What’s the Indiana Nürburgring?
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Finding the perfect driveway is easy in California. It doesn’t take long after leaving Los Angeles or San Francisco to find a good one winding its way through the rolling countryside.
Doing the same in the Midwest isn’t that easy. There are a few hidden gems, but you have to be willing to travel to find them. One that’s worth putting on every enthusiast’s list is where I just spent a whole day frolicking in the BMW M3 Competition 2021: the Indiana Nürburgring.
Called the pork tenderloin by the locals, it is a series of streets in southern Indiana that are similar in shape to the German Nürburgring. The loop begins in Bloomington, winds through 275 miles of driving bliss and circles back to Bloomington. And the name pork fillet ring – it is derived from the numerous pork fillet restaurants that you can visit along the way. That’s Indiana, after all.
The route … and what to see
Logically, your lap on the American Nürburgring does not start where the start / finish line for the real Nordschleife is. State Road 45 (closest to the Kallenhard area of the route) is your entrance to the roller coaster and a perfect preview of what’s to come. After leaving the college town of Bloomington, this street gets downright silly. Small cars like a Miata or other sports cars are best here because the road is so full of tight corners that are suitable for cars with a smaller footprint and less power. This stretch of on- and off-camber turns is not ideal for the 503-hp M3 Competition, especially if you set off early in the morning when the road temperatures are still cool.
When you exit this area, you will come across an opening called the Bean Blossom Overlook. This is where the photo below was taken, and it’s hands down the most picturesque part of the loop. You would never expect to find such beauty in Indiana, but here it is.
From here you can go different ways. A route leads you along the official “Nürburgring” route to the east. I would recommend skipping that though. Instead, go straight south on a road called 135 towards a small town called Story. This 30 mile section is the most traveled section by Harley riders, moving at around half the advertised speed limit, so you may have to walk back and forth a few times to get a clear run. Here the narrow road with its almost constant curves, forest edges and many height differences best resembles the German Nürburgring. This road alone is worth the hike, wherever you’re coming from.
The story goes on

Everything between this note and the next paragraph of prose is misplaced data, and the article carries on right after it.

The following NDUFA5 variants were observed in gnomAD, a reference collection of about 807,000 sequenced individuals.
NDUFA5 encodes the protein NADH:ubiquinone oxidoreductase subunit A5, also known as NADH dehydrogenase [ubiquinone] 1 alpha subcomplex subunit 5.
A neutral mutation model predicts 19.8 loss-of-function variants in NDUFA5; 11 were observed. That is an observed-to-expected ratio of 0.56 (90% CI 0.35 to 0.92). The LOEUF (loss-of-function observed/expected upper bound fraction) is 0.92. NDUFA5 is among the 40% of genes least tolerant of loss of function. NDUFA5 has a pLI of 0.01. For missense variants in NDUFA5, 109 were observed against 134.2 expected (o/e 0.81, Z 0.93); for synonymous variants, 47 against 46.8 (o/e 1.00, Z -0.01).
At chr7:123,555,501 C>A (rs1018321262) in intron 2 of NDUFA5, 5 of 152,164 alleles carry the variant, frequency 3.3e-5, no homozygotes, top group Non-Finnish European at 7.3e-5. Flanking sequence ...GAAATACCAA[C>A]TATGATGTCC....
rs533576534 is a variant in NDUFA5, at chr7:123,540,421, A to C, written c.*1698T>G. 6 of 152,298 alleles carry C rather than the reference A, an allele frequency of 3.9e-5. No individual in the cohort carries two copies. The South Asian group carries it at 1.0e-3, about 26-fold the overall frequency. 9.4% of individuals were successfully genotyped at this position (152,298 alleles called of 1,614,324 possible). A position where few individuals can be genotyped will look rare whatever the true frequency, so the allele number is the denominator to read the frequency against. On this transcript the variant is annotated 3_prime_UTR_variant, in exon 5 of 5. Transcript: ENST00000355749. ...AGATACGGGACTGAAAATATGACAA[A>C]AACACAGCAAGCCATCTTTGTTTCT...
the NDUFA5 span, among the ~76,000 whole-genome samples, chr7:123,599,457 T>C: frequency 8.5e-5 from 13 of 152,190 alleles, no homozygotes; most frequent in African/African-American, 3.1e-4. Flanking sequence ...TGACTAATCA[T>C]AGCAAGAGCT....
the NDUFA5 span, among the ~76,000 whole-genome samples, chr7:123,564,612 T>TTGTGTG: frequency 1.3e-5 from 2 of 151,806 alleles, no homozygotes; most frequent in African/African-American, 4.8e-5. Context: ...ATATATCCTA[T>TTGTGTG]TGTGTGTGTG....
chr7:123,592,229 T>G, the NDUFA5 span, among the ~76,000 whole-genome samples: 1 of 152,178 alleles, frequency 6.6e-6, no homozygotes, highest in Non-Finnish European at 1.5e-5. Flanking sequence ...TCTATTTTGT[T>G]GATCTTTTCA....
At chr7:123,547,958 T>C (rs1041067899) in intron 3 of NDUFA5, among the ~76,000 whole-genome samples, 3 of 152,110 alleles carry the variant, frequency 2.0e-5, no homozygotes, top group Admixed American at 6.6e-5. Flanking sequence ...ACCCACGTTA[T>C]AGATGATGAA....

After this piece flows into Freetown, it is time to turn west again and undertake the long hike on the Döttinger Höhe of the route. It is the straightest part of this entire route, after the long straight on the Nürburgring.
If you’ve been counting churches with your fingers at this point, it is probably time to step on tiptoe. It’s just a result of being in Hoosier State. There’s enough along this route through seemingly nowhere that we can’t go much more than 10-15 miles without seeing another. Speaking of street observations, there is hardly a city that doesn’t pass by without at least a few houses still waving the Trump 2020 flags, often accompanied by a Confederate rag – but Indiana was part of the Union. One restaurant called SGT Rick’s American Cafe even has a “Trump 4EVR” flag.
There isn’t much to see or do in the southwest part of the loop. However, take a break and explore a huge valley at Shoals Overlook to re-energize as it gets extremely good once you turn north again. The road here follows a meandering river, and river following roads are always the best. You could end the day right after this route and be completely satisfied. There’s a lovely bridge called the Williams Covered Bridge (just don’t read the depressing graffiti on it), and the Salt Creek Brewery is just up the street for an after-work beer.
And it would be the right place to stop if State Road 43 didn’t extend the Indiana Nürburgring even further. This road complements any car, regardless of its power or size. Wide open straight lines lead into 90-degree arching curves. Arable fields quickly merge with forests and then turn back into arable land. If a car’s brakes are not up, they will be exposed on this road with its frequent braking sections downhill. It’s close to Bloomington but you feel far from the busy city out here. And don’t worry, there are plenty of churches too. Any car worth its brave (get it?) Will put a grin on your face at 43, and the M3 Competition has done a lot more that makes me cackle at how easily it chewed this street. It’s a mandatory stop if you venture out to the Indiana Nürburgring, and leaves you just a quick hop into town for a delicious dinner after a busy day of driving.
When should I drive the Indiana Nürburgring?
It works when it’s dry and warm, but an event called “tire squeal” occurs every year. It’s a special two-week period during which the event organizers encourage enthusiasts around the world to ride the streets, eat pork tenderloin, and donate to charity. This event has now been running for three years and the 2021 edition ends while we release this story.
You will have to wait until next year to join the Tire Squeal fun, but don’t let that stop you from going there and exploring some of the streets beforehand. I can promise that any driving or riding enthusiast will fall in love.
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